Glossary List M


Welcome to the Lincoln Cent Forum Glossary.
Use the alphabetical links above to navigate to the desired term.
This glossary of terms was written and compiled by Will Brooks with the help of our forum members. A huge thanks to everyone who contributed knowledge, ideas, words, and photos to make this growing educational resource possible. Special thanks to Richard Cooper, aka “Coop” who donated many of the photos.

Machine Damage Doubling: See Machine Doubling.

Machine Doubling (Also Machine Damage Doubling, or Strike Doubling): This occurs when a loose die bounces (push-type machine doubling) after the initial strike and hits the planchet again in a slightly offset position, flattening a portion of an already struck device, creating a “shelf-like” doubling effect that cuts into the normal size of the device. This is often misconstrued as a doubled die by novices, but is common and essentially worthless. Sometimes the die will “slide” rather than bounce, creating a smeared look to the devices. (slide-type machine doubling). Ejection doubling is another form of machine doubling where the coin “sticks” to the anvil die when being ejected from the striking chamber. In addition to the examples below, please see Jason Cuvelier’s excellent tutorial Here.
1955pluralpluribusslidemachine doublingslidetypeMD

Marker: A die-specific attribute used to identify a particular die, and useful for confirming a particular die variety. A marker can be many things from a mint mark’s position to a die crack or die chip, die scratches, die clash remnants, cuds, etc., all of which are unique to each die.

Master Die: The die that is made from the master hub. The master die is then used to create many working hubs, which in turn each create many working dies, from which coins are struck. Master dies often had to have the last 2 or 3 digits of the date engraved into them, so that the master hubs could be re-used in multiple years. These engraved portions often had anomalies and imperfections that would show up on each working hub and working die spawned from the master die. These anomalies are sometimes confused with hub doubling by novices. A master die could also be itself a doubled die. (See Master Die Doubling.)

Master Die Doubling: When a master die is itself a doubled die, (or exhibits another type of doubling such as engraving doubling) each working hub and subsequent working die created from this master die will also show this doubling. Since a doubled master die creates many working hubs and dies, this doubling will be very common, if not universal, during a specific year, and is therefore not a collectible form of doubling. There are many years in the Lincoln cent series exhibit master die doubling, with 1972 being the most well-known and most often mis-attributed as a collectible doubled die. 1972 had 2 master dies. One exhibited doubling and one did not. Therefore at least half of all 1972 cents will show this master die doubling. For more detailed information on the 1972 doubled master die please see Jason Cuvelier’s tutorial Here.  See also: Engraving Doubling.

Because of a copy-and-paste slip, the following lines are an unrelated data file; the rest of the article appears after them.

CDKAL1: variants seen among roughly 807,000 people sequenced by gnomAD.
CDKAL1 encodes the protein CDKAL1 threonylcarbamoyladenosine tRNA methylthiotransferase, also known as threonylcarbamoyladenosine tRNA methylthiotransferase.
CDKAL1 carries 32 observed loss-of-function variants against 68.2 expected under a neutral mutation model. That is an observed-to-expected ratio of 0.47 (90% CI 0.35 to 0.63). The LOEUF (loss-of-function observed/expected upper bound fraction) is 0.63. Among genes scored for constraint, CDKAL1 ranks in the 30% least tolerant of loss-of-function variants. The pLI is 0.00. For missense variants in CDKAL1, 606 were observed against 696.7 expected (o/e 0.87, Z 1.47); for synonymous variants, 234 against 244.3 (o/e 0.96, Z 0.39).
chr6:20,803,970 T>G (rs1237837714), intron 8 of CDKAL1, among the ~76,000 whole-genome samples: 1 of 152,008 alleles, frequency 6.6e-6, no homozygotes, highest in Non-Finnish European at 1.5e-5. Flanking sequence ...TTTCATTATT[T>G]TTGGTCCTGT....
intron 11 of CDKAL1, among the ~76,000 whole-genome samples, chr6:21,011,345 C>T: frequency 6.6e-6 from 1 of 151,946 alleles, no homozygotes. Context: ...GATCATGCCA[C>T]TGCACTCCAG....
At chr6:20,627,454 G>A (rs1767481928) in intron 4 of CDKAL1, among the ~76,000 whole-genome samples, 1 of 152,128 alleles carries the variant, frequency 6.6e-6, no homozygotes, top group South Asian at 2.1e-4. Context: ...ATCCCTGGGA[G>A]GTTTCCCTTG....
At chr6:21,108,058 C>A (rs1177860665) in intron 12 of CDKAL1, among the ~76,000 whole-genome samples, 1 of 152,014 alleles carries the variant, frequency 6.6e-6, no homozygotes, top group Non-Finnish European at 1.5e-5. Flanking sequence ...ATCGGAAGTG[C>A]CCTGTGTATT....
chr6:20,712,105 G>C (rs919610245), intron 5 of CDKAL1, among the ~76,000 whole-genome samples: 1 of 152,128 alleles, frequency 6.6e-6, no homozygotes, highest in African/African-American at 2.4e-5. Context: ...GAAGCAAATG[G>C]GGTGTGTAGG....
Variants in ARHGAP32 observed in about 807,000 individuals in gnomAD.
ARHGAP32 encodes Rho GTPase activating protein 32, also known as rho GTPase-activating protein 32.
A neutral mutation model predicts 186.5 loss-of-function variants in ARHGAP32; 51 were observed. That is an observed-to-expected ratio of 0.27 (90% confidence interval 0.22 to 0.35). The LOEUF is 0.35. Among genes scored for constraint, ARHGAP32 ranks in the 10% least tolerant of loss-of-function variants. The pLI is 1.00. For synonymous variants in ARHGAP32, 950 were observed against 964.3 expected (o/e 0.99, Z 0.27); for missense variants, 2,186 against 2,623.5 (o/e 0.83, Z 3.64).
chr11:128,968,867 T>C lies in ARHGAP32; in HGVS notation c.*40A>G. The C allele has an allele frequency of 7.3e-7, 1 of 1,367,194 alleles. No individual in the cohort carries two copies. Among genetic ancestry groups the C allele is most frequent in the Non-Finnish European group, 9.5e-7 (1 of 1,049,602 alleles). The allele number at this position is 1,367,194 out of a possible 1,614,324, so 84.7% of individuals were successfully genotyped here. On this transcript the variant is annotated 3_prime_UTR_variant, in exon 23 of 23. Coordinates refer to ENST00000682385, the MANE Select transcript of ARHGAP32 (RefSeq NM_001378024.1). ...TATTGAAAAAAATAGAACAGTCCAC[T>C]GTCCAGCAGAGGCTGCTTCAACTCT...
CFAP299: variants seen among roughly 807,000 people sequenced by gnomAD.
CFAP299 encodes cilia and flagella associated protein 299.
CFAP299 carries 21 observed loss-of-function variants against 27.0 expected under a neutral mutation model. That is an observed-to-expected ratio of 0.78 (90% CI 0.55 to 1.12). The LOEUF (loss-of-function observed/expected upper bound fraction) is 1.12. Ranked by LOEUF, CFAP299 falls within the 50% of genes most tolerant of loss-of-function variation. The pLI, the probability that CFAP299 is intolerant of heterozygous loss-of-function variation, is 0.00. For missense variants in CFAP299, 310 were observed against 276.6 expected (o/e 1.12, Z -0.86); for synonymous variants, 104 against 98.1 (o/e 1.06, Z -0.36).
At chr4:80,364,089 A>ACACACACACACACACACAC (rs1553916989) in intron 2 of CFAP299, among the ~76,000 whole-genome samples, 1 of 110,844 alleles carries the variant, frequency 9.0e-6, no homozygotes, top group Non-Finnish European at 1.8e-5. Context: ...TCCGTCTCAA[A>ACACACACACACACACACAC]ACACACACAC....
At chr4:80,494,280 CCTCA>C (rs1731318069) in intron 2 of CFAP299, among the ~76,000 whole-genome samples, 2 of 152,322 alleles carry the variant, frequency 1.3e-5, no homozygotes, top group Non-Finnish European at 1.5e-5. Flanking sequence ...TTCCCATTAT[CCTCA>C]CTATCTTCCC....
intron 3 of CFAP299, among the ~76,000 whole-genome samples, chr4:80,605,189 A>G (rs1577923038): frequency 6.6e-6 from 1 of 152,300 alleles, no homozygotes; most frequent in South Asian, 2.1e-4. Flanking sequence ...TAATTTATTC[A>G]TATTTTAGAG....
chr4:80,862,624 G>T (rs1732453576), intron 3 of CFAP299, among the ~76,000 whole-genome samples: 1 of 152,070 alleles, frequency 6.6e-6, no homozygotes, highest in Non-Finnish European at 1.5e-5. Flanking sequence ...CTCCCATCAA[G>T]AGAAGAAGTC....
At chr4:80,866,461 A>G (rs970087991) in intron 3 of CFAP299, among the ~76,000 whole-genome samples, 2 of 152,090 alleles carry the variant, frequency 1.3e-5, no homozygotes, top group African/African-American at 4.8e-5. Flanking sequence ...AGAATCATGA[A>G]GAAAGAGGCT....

Master Hub: A master hub is the original steel rod that holds the design for a coin. In the past, the master hub was created by using a reduction lathe that would engrave the design onto the hub from a galvano. The hub would have raised design elements on it, just like a struck coin has. The master hub would then be squeezed onto another blank steel rod creating that design in reverse relief. This would be the master die. In modern times, the master hub is created by transferring designs directly from a computer image. The master hub often was created without portions of the date on it, so it could be re-used in subsequent years. The missing parts were then engraved into the master die for that year.

Matte Proof: A French method for making proof coinage. Matte Proof Lincoln cents were struck from 1909-1916. Extra striking pressure and multiple strikes created extra-sharp details on these cents. These coins also exhibit sharply squared-off rim. The dies used for making these proofs were sand-blasted, as a way of polishing the die, so matte proofs also exhibit a textured grainy surface as a result of this practice. Matte Proof Lincolns had extremely low mintages and carry large premiums.  Image from Heritage Auction Galleries.
1915 matte proof obv2

Memorial Cent (Reverse): A Lincoln cent struck from 1959 until 2008, exhibiting the Lincoln Memorial on the reverse. This reverse was designed by Frank Gasparro, the 10th chief engraver of the U.S. Mint. His initials, FG, show at the bottom right of the memorial building on these cents.

Mid Die State: Cents struck in the middle of a die’s life-span. These cents will exhibit some signs of die deterioration, such as radial flow lines, and earlier stages of die cracks, die chips, etc.

Mid-Year Design Change: In the Lincoln cents series, there were several dates that saw an intentional change in design during the year. Some examples would be 1909 cents with and without the VDB, 2009 cents with 4 different reverse designs, and all of the years with both a large date and small date.(1960, 1970S, 1974, 1982)